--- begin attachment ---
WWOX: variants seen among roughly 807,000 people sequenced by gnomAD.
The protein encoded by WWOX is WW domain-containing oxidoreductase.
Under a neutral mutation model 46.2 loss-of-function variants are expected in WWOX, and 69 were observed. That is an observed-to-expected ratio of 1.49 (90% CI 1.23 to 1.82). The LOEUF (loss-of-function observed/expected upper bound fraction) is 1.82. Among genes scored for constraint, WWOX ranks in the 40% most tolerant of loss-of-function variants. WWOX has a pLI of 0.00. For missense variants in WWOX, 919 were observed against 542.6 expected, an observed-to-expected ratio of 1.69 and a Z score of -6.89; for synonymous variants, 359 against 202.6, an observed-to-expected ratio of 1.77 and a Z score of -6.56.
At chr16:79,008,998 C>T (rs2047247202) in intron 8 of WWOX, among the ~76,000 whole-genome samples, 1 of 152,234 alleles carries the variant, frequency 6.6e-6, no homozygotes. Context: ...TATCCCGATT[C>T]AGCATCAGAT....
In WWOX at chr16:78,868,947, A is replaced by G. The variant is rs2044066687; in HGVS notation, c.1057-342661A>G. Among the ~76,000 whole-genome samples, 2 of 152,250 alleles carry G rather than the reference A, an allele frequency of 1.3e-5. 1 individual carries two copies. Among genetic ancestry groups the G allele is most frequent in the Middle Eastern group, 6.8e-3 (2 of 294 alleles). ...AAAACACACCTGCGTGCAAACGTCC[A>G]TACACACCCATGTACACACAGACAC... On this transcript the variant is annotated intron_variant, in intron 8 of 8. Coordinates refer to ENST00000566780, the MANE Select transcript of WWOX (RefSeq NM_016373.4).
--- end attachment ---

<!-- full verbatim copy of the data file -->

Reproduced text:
WWOX: variants seen among roughly 807,000 people sequenced by gnomAD.
The protein encoded by WWOX is WW domain-containing oxidoreductase.
Under a neutral mutation model 46.2 loss-of-function variants are expected in WWOX, and 69 were observed. That is an observed-to-expected ratio of 1.49 (90% CI 1.23 to 1.82). The LOEUF (loss-of-function observed/expected upper bound fraction) is 1.82. Among genes scored for constraint, WWOX ranks in the 40% most tolerant of loss-of-function variants. WWOX has a pLI of 0.00. For missense variants in WWOX, 919 were observed against 542.6 expected, an observed-to-expected ratio of 1.69 and a Z score of -6.89; for synonymous variants, 359 against 202.6, an observed-to-expected ratio of 1.77 and a Z score of -6.56.
At chr16:79,008,998 C>T (rs2047247202) in intron 8 of WWOX, among the ~76,000 whole-genome samples, 1 of 152,234 alleles carries the variant, frequency 6.6e-6, no homozygotes. Context: ...TATCCCGATT[C>T]AGCATCAGAT....
In WWOX at chr16:78,868,947, A is replaced by G. The variant is rs2044066687; in HGVS notation, c.1057-342661A>G. Among the ~76,000 whole-genome samples, 2 of 152,250 alleles carry G rather than the reference A, an allele frequency of 1.3e-5. 1 individual carries two copies. Among genetic ancestry groups the G allele is most frequent in the Middle Eastern group, 6.8e-3 (2 of 294 alleles). ...AAAACACACCTGCGTGCAAACGTCC[A>G]TACACACCCATGTACACACAGACAC... On this transcript the variant is annotated intron_variant, in intron 8 of 8. Coordinates refer to ENST00000566780, the MANE Select transcript of WWOX (RefSeq NM_016373.4).